Washington, DC

When Cities Don’t Accept Cash for Public Services

This year saw a wave of backlash against cashless retail, but what about when cities like Washington, D.C., want to move toward all-digital payments?

photo: passengers in D.C.'s Metro

The ‘Namewashing’ of Public Transit

D.C.’s Metro plans to raise extra revenue by having companies buy naming rights for public transit stations. But corporate “namewashing” may not be easy money.

What Happens When a City Tries to End Traffic Deaths

Several years into a ten-year “Vision Zero” target, some cities that took on a radical safety challenge are seeing traffic fatalities go up.

A colorful mural with a woman's head and words reading "take me out to the go-go."

How Go-Go Music Became Kryptonite for Gentrification in D.C.

Go-go has become the soundtrack for a growing anti-gentrification movement in Washington. Now a city council bill wants to make it D.C.’s official music.

photo: Bike and pedestrian advocates participate in a "die-in" for better traffic safety in Washington, D.C.

Are D.C.’s Streets Finally Getting Safer?

As the District lagged on its Vision Zero goals, bike and pedestrian advocates in Washington turned traffic fatalities into a rallying cry, and got results.  

D.C.’s Vacant Stadium Dilemma

RFK Stadium is taking up a very desirable plot of federal land in Washington, D.C.—and no one can agree what to do with it.

How Architects Are Making Concrete Walls Look Like Crumpled Paper

“We’re pushing the limits of what this material can do,” says a designer behind the Kennedy Center’s new building, describing its experimental concrete treatments.

a photo of Los Angeles in 1962

Mapping the Effects of the Great 1960s ‘Freeway Revolts’

Urbanites who battled the construction of the Interstate Highway System in the 1960s saved some neighborhoods—but many highways did transform cities.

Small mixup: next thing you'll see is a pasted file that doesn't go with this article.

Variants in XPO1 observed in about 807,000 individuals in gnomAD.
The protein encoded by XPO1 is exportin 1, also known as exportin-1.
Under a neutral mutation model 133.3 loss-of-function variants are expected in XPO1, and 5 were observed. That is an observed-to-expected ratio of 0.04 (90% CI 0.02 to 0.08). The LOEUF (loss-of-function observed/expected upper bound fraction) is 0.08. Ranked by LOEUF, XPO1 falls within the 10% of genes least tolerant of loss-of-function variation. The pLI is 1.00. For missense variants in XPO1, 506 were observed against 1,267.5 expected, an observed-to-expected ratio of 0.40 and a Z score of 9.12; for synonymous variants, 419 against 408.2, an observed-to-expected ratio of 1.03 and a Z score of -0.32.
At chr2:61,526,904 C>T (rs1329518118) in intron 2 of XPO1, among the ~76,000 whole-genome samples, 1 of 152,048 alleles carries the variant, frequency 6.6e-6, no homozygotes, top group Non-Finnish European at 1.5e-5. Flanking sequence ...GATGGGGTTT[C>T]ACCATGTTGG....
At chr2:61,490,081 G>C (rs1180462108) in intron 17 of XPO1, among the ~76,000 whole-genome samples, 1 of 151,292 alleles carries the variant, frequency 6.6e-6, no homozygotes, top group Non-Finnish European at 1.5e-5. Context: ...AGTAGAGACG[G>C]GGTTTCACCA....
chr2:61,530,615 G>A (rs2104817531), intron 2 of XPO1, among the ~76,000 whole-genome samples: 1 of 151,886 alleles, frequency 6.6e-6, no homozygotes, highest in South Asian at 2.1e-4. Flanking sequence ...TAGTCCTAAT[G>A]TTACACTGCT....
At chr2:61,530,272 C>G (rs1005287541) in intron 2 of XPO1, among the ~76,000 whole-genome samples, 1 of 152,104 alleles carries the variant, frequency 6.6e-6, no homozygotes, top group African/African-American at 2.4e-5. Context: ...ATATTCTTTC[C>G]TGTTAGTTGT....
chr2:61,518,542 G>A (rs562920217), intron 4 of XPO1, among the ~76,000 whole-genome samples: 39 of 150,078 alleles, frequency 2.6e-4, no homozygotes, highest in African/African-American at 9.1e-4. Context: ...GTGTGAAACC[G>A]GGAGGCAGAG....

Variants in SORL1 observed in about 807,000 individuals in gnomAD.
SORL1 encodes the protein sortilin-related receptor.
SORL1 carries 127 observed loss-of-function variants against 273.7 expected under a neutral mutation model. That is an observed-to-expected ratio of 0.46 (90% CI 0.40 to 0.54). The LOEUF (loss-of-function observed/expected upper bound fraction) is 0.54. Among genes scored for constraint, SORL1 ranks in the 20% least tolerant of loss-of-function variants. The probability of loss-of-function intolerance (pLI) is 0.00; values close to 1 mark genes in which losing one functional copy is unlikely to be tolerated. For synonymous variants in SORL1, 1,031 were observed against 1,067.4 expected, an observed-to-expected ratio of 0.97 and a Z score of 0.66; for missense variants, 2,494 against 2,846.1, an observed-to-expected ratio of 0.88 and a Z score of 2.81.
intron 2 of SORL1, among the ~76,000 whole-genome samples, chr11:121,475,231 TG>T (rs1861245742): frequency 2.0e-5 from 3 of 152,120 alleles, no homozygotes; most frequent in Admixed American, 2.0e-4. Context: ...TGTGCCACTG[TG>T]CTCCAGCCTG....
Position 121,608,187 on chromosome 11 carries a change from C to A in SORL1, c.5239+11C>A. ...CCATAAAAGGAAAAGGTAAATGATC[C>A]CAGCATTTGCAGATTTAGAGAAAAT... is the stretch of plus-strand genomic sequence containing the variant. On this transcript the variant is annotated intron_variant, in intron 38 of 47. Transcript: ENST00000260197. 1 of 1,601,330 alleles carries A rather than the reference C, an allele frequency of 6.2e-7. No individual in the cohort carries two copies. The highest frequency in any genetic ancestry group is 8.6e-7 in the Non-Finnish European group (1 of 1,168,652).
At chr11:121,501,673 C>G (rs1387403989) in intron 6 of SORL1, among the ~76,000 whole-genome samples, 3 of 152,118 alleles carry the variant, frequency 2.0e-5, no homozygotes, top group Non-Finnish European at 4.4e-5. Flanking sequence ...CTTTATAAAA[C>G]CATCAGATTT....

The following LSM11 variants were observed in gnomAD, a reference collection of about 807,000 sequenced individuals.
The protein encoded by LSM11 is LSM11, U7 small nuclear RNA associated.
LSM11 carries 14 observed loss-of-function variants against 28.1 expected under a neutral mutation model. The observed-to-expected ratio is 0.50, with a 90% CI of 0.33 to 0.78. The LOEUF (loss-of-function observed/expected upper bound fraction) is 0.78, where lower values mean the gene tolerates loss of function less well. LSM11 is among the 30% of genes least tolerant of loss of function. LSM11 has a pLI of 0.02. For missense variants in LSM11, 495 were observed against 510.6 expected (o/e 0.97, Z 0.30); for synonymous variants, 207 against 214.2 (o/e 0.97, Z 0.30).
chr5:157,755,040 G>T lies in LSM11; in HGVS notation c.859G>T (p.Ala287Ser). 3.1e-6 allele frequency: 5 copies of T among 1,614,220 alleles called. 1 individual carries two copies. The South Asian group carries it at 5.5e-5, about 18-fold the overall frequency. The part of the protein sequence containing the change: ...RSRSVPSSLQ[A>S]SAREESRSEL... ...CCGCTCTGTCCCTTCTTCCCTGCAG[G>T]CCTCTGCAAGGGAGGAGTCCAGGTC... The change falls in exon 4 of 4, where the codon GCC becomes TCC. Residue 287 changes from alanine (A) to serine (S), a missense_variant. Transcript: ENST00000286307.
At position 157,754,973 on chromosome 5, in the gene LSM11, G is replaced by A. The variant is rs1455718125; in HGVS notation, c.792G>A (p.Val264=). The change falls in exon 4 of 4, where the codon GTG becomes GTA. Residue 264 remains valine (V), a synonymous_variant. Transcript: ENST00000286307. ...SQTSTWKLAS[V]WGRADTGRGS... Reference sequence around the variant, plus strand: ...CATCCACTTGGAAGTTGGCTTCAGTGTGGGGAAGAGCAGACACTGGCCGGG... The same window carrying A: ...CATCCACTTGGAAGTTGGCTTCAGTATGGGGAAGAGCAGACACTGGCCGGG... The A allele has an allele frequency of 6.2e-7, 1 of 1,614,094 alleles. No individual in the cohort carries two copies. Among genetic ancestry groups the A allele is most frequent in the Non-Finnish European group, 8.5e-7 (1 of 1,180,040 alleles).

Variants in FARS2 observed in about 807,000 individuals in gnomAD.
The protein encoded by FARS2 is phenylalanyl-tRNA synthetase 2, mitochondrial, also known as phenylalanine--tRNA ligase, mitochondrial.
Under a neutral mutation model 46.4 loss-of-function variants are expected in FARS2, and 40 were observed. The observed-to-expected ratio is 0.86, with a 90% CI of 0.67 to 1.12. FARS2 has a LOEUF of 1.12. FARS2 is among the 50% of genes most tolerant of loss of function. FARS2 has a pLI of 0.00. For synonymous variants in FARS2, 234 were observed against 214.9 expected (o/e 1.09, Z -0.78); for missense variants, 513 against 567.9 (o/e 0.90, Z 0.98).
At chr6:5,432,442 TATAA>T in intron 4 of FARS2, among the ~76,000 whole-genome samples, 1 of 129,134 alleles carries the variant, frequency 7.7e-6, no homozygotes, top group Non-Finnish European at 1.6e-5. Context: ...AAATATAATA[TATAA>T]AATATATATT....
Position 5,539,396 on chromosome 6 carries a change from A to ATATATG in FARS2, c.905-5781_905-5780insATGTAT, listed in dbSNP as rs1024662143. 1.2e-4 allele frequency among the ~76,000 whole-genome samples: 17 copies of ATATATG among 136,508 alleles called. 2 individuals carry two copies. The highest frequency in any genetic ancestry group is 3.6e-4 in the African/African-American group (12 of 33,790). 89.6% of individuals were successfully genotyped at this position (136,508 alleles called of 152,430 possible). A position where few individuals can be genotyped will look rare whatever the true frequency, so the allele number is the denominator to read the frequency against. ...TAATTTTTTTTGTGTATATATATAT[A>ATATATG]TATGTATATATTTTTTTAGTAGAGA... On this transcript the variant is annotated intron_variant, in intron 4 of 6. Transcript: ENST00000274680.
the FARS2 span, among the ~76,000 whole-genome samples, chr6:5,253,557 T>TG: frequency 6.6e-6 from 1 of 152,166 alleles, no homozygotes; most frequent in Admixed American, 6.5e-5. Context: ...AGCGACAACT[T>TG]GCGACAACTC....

Here’s What the Heat Island Looks Like in East Coast Cities

Maps of urban heat islands show where residents can find pockets of cooler air in Boston, Philadelphia, Richmond, Baltimore, and Washington, D.C.

The Future of the City Is Childless

America’s urban rebirth is missing something key—actual births.

A Designer’s Airport for the Jet Age

As this 1958 Charles and Ray Eames film shows, Dulles was truly designed for modern air travel.

a photo of man in a D.C. Metro station.

D.C.’s Metro Is Insanely Windy. Why?

Unpredictable and sometimes alarming, the weirdly powerful winds that sometimes whip through subway stations might be explained by some basic rules of physics.

U.S. Cities Are Seeing a Big Drop in Tourism From China

Travel from China to the U.S. fell for the first time in over a decade. That could mean money lost for big cities as well as smaller places near national parks.

Cars sit in a crosswalk.

What if More People Could Issue Parking Tickets?

Washington, D.C., considers training a group of residents to give tickets for some parking violations. Would it make streets safer for pedestrians and cyclists?

How I. M. Pei Shaped the Modern City

The architect, who died yesterday at the age of 102, designed iconic modern buildings on prominent sites around the world. Here are some that delight and confound CityLab.

The Problem With D.C.’s New Apple Store

The city has converted a cultural gem entrusted to the entire city into an exclusive outlet that serves only the few.

A photo of cherry trees in D.C.

The Uncertain Future of D.C.’s Cherry Blossoms

The cherry trees at the Tidal Basin look beautiful, but daily flooding at high tide and crumbling infrastructure are threatening their survival.

a photo of people waiting for the metro

A Zine That Captures the Many Faces of Washington, D.C.’s Metro Riders

Photographer Patrick Wright carried his camera on the city’s rapid transit system for four years, taking photos of over a thousand riders.

The Latest Trend in Co-Working: Child Care

In the booming co-working industry, some companies are standing out by opening their space up for children and working parents alike.

Think You’re Faster Than the D.C. Streetcar? Think Again.

Streetcars without dedicated lanes tend to be on the slow side. But beating this much-maligned public transportation mode on foot wasn’t as easy as it looks.